Home » ADHD » Blogs » Living with ADHD » Social Communication Disorder vs. ADHD

Social Communication Disorder vs. ADHD

Introduction

Have you ever heard of Social Communication Disorder?  This article will provide the differences between Social Communication Disorder and ADHD.

What Is Social Communication Disorder?

According to autismspeaks.org, the following can be stated about the criteria for Social Communication Disorder:

SCD is diagnosed based on difficulties with both verbal and non-verbal social communication skills. These skills include:

* responding to others

Gesturing is an important form of nonverbal social communication.* using gestures (like waving or pointing)

* taking turns when talking or playing

* talking about emotions and feelings

* staying on topic

* adjusting speech to fit different people or situations – for instance, talking differently to a young child versus an adult or lowering one’s voice in a library.

* asking relevant questions or responding with related ideas during conversation

* using words for a variety of purposes such as greeting people, making comments, asking questions, making promises, etc.

* making and keeping friends

What Is ADHD?

According to images.pearsonclinical.com, the following criteria are present for a diagnosis of ADHD:

1. Inattention: Six (or more) of the following symptoms have persisted for at least 6 months to a degree that is inconsistent with developmental level and that negatively impacts directly on social and academic/occupational activities:
a. Often fails to give close attention to details or makes careless mistakes in schoolwork,
at work, or during other activities (e.g., overlooks or misses details, work is inaccurate).
b. Often has difficulty sustaining attention in tasks or play activities (e.g., has difficulty remaining focused during lectures, conversations, or lengthy reading).
c. Often does not seem to listen when spoken to directly (e.g., mind seems elsewhere, even in
the absence of any obvious distraction).
d. Often does not follow through on instructions and fails to finish schoolwork, chores, or duties in the workplace (e.g., starts tasks but quickly loses focus and is easily sidetracked).
e. Often has difficulty organizing tasks and activities (e.g., difficulty managing sequential tasks; difficulty keeping materials and belongings in order; messy, disorganized work; has poor time management; fails to meet deadlines).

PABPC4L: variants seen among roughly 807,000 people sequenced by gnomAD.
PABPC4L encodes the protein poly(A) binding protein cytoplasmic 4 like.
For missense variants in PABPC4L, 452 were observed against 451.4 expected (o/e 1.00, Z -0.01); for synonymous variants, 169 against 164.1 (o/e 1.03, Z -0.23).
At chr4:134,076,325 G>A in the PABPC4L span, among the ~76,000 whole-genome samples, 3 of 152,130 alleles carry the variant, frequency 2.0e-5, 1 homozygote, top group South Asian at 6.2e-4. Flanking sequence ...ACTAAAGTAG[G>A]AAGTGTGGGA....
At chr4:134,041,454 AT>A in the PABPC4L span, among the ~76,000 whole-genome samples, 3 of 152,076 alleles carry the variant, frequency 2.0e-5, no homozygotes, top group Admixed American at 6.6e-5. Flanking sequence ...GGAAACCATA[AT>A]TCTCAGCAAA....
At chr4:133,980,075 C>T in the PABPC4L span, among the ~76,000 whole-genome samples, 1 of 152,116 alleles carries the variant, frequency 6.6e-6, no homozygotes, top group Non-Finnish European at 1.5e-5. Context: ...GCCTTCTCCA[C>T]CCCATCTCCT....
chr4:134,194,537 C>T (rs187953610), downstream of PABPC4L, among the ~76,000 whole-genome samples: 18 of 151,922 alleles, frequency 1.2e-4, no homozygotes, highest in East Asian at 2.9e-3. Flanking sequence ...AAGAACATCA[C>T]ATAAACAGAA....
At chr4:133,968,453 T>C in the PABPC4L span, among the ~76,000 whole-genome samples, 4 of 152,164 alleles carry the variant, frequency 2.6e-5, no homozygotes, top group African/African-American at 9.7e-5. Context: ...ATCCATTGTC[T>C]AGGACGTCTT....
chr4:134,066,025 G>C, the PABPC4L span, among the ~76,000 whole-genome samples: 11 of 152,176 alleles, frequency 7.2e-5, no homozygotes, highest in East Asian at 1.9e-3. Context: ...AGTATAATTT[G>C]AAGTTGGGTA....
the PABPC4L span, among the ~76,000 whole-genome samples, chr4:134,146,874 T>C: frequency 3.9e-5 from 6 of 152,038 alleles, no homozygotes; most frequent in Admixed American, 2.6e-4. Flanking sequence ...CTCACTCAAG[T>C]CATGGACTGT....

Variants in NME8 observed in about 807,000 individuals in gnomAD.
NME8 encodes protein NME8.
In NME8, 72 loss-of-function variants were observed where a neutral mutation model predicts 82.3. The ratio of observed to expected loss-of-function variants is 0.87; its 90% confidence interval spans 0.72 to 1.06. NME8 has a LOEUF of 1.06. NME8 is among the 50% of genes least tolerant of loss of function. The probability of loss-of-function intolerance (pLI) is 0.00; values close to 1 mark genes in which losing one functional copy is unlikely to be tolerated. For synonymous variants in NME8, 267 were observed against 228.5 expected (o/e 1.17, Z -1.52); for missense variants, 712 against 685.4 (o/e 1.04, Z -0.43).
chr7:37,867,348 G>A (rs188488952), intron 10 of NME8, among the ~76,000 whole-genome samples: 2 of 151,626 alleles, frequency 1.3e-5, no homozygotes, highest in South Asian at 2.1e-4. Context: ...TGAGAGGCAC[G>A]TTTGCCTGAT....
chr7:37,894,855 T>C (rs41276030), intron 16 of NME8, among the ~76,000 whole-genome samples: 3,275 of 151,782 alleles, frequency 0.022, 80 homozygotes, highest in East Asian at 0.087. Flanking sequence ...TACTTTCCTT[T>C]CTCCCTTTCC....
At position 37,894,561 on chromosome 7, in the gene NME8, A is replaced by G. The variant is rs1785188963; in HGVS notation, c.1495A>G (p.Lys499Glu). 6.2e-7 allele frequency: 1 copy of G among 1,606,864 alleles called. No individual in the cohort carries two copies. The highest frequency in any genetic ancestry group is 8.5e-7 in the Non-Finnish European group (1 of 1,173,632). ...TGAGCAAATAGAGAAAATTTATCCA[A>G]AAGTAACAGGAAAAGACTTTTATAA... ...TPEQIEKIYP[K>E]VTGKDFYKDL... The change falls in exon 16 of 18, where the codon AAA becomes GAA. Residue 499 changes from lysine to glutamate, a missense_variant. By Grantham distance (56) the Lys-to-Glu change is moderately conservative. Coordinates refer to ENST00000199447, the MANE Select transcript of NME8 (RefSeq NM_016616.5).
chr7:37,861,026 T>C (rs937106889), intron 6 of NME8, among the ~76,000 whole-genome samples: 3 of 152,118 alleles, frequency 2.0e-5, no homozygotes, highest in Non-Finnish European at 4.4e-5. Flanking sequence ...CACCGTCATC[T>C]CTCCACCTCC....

f. Often avoids, dislikes, or is reluctant to engage in tasks that require sustained mental
effort (e.g., schoolwork or homework; for older adolescents and adults, preparing reports,
completing forms, reviewing lengthy papers).
g. Often loses things necessary for tasks or activities (e.g., school materials, pencils, books, tools, wallets, keys, paperwork, eyeglasses, mobile telephones).
h. Is often easily distracted by extraneous stimuli (for older adolescents and adults, may include unrelated thoughts).
i. Is often forgetful in daily activities (e.g., doing chores, running errands; for older adolescents and adults, returning calls, paying bills, keeping appointments).
2. Hyperactivity and impulsivity: Six (or more) of the following symptoms have persisted for at least 6 months to a degree that is inconsistent with developmental level and that negatively impacts directly on social and academic/occupational activities:
a. Often fidgets with or taps hands or feet or squirms in seat.
b. Often leaves seat in situations when remaining seated is expected (e.g., leaves his or her place in the classroom, in the office or other workplace, or in other situations that require remaining in place).
c. Often runs about or climbs in situations where it is inappropriate. (
Note: In adolescents or adults, may be limited to feeling restless.)
d. Often unable to play or engage in leisure activities quietly.
e. Is often “on the go,” acting as if “driven by a motor” (e.g., is unable to be or uncomfortable
being still for extended time, as in restaurants, meetings; may be experienced by others as
being restless or difficult to keep up with).
f. Often talks excessively.
g. Often blurts out an answer before a question has been completed (e.g., completes people’s
sentences; cannot wait for turn in conversation).
h. Often has difficulty waiting his or her turn (e.g., while waiting in line).
i. Often interrupts or intrudes on others (e.g., butts into conversations, games, or activities; may start using other people’s things without asking or receiving permission; for adolescents and adults, may intrude into or take over what others are doing).
Conclusion
This article has provided the differences between Social Communication Disorder and ADHD.

 

Social Communication Disorder vs. ADHD

Lauren Walters

My name is Lauren Walters. I am currently heading into my final semester of graduate school for Mental Health Counseling in the Spring of 2016. Through my own experiences with mental illness, I love to inspire others through my writings and reassure them that they can live healthy, productive lives, despite mental illness. I hope you enjoy my articles. Feel free to comment. I will be sure to respond to you questions and/or comments in a prompt manner. Enjoy!


No comments yet... View Comments / Leave a Comment

 

 

APA Reference
Walters, L. (2017). Social Communication Disorder vs. ADHD. Psych Central. Retrieved on June 20, 2018, from https://blogs.psychcentral.com/living-with-adhd/2017/05/social-communication-disorder-vs-adhd/

 

Last updated: 7 May 2017
Last reviewed: By John M. Grohol, Psy.D. on 7 May 2017
Published on PsychCentral.com. All rights reserved.